Jewish extremists on Wednesday tried to torch an old mosque in Jerusalem, as Israel reopened a controversial ramp leading to the al-Aqsa mosque compound, whose closure sparked Muslim anger.
The overnight attack on the disused mosque in downtown west Jerusalem saw unknown attackers try and set the building alight and daub its exterior walls with racist anti-Arab slogans written in Hebrew.
It was the latest in a slew of so-called “price tag” incidents -- revenge attacks by Jewish extremists which generally target Palestinians and Arabs, although they have also been directed at the army and leftwing Israelis.
The attack targeted the Nebi Akasha mosque, which dates back to the 13th century and had not been used as a place of worship since Israel's creation in 1948. The city council currently uses the building as a storage facility.
“During the night, there was an attempt to set fire to a disused mosque in the city centre,” police spokesman Micky Rosenfeld told AFP, saying an investigation had been opened into the attack which took place just off Jaffa Street, west Jerusalem's main shopping artery.
The attack was swiftly condemned by the Al Aqsa Foundation, an offshoot of Israel's Islamic Movement, which said it held Israel “fully responsible for this terrible crime” and for not acting against the perpetrators.
Arab Israeli MP Mohammed Barake also lashed out at his fellow parliamentarians for fanning the flames of racial hatred with a spate of draft legislation targeting Israel's Arab minority.
“Responsibility for the mosque burning does not only lie with the gang of fascists who carried it out, but also with some of the scumbags among the MPs and ministers,” he said in a statement.
“Those MPs should not pretend they are shocked when the draft laws they back become a raging fire that devours mosques,” he said.
Opposition head Tzipi Livni called the arson “a hate crime” carried out by “a constantly growing group of extreme Israelis who are forcefully trying to turn Israel to a different state which -- like them -- is lawless.”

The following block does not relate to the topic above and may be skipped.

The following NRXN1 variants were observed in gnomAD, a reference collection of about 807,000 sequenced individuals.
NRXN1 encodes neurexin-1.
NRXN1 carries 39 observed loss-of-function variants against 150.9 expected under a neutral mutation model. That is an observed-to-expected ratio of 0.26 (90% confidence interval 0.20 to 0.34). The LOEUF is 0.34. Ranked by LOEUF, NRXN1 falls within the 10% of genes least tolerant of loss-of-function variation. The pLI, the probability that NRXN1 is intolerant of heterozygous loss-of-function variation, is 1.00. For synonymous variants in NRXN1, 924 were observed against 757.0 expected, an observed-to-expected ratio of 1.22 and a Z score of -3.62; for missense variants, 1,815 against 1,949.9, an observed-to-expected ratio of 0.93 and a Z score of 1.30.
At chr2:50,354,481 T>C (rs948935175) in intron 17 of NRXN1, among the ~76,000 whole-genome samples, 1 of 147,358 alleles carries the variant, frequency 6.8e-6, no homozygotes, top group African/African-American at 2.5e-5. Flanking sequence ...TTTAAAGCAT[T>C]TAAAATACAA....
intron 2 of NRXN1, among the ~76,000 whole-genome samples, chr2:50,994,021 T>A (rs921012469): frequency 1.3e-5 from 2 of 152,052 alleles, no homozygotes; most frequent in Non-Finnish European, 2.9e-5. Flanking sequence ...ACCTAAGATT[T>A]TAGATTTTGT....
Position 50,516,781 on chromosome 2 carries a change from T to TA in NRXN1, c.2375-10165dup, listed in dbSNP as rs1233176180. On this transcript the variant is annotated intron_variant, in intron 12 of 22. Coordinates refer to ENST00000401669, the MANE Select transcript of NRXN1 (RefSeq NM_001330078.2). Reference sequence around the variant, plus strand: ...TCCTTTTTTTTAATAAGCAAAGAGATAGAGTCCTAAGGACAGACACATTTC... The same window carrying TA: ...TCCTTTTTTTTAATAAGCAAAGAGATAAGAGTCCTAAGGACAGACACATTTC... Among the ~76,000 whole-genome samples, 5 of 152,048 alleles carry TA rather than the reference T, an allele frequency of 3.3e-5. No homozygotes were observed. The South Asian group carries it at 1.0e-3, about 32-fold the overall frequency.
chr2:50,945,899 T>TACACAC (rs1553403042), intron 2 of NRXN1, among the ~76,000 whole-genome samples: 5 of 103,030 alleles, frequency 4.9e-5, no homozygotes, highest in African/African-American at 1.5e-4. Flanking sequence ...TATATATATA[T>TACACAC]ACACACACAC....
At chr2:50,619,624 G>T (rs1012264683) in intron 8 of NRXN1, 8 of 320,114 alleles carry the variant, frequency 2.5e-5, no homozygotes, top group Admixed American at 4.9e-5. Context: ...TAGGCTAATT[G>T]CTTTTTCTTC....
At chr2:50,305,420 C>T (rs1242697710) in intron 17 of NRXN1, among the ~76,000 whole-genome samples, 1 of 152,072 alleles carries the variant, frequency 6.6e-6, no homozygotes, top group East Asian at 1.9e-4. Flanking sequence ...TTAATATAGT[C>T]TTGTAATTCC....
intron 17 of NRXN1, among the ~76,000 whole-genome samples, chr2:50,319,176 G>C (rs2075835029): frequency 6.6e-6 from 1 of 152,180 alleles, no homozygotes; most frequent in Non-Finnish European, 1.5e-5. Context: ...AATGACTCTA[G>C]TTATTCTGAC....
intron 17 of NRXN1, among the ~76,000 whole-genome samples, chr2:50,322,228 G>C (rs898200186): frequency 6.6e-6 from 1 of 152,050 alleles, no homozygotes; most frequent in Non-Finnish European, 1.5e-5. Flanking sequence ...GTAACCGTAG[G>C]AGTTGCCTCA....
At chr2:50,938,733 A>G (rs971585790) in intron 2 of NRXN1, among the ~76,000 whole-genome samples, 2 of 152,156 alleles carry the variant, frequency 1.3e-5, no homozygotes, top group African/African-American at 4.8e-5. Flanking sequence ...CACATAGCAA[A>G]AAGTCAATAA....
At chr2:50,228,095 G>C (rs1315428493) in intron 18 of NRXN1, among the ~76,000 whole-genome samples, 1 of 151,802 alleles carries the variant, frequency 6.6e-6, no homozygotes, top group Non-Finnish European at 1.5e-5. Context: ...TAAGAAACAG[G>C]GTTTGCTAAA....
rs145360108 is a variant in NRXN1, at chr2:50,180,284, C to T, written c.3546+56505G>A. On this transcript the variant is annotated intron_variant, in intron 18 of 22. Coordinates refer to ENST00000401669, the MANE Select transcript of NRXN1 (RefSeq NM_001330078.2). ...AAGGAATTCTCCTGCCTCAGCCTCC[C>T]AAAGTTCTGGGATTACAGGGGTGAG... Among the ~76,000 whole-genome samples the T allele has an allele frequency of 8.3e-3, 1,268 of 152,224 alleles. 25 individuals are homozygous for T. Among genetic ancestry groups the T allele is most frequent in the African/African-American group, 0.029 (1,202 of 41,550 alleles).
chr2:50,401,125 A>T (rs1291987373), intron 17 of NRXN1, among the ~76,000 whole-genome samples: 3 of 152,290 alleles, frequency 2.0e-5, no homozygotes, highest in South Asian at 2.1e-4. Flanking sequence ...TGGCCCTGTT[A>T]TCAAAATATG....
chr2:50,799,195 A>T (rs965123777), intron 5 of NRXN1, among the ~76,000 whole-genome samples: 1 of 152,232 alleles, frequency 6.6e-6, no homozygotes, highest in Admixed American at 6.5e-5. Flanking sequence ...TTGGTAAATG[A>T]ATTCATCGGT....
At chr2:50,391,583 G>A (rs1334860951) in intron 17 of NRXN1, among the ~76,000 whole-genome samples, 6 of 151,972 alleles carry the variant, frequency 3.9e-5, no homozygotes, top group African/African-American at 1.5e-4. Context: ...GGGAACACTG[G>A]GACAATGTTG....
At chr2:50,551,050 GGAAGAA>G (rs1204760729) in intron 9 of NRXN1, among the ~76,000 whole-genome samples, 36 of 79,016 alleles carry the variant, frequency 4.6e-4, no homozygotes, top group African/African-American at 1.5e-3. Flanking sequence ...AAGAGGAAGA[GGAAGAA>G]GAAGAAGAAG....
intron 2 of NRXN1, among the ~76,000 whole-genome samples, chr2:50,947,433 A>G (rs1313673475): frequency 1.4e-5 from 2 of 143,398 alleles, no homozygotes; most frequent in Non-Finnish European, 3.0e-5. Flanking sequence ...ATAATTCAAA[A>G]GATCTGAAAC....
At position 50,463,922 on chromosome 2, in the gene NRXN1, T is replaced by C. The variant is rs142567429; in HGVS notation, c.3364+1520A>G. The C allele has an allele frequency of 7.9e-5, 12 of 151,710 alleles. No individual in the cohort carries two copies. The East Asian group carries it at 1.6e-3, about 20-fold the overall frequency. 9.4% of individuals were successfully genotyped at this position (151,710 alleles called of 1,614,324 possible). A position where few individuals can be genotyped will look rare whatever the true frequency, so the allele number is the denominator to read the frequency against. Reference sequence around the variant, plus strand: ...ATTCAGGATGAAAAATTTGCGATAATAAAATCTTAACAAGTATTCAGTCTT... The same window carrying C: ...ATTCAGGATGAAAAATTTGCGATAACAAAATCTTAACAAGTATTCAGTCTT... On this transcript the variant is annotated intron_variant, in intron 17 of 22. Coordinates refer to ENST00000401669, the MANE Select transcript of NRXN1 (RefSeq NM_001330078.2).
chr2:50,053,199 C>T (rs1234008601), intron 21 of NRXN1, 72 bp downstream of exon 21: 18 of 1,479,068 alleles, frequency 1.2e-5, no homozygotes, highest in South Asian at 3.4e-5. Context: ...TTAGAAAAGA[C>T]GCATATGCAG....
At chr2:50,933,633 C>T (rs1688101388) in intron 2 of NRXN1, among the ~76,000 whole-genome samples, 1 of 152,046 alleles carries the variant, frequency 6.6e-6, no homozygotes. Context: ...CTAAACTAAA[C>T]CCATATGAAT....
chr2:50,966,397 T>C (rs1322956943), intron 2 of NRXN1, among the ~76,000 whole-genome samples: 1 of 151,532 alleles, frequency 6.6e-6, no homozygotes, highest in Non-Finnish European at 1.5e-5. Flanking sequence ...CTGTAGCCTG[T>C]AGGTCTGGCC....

And Emek Shaveh, an Israeli NGO which fights against the manipulation of archaeological sites for political gain, said the attack had damaged an important aspect of local heritage.
“The destruction of the antiquities, in this case probably by Israelis, is part of the process of erasure of 'the other' -- of everything that doesn't suit the extremist and one-dimensional ideology of certain Israeli groups,” it said in a statement.
Jerusalem Mayor Nir Barkat also condemned the attack, and urged “zero tolerance” towards such acts of violence.
Among the words scrawled on the mosque's walls were the names of two settlement outposts slated for demolition by the end of the month -- such attacks are often linked to government attempts to take down outposts.
Overnight, there were three more price tag attacks in the northern West Bank where Palestinian cars were torched in three separate villages and Hebrew graffiti found nearby, the Israeli military and Palestinian witnesses said.
The arson attack in Jerusalem occurred just 24 hours after settlers attacked troops and an army base in the northern West Bank in an attack which has deeply angered Israel's leadership.
Several hours earlier, settlers also broke into a closed military zone along the Jordanian border, with police still holding 15 people in custody -- more than half of them minors.
In the past 10 days, detectives have arrested eight people in connection with recent price tag attacks, including six minors and a soldier.
Two more were arrested on Tuesday in connection with attacks on Palestinians and soldiers in the northern West Bank.
Meanwhile, Israel on Wednesday reopened a controversial wooden access ramp to the Al-Aqsa mosque compound in Jerusalem just 48 hours after it was closed on safety grounds in a move which had sparked Muslim anger.
The Mughrabi ramp was closed on Sunday on public safety grounds and was to be dismantled, but was reopened following an outcry from the Palestinians and Jordan.
Police said no work had been carried out to stabilize or alter the ramp, but indicated that a fire engine had been stationed nearby and other unspecified safety precautions put in place.
The city says the ramp poses a fire hazard and could collapse onto the women's prayer section by the Western Wall, but Muslim leaders fear its demolition could destabilize the mosque compound.
The ramp runs from the plaza by the Western Wall up to the walled compound known to Muslims as Haram al-Sharif, which houses the al-Aqsa Mosque.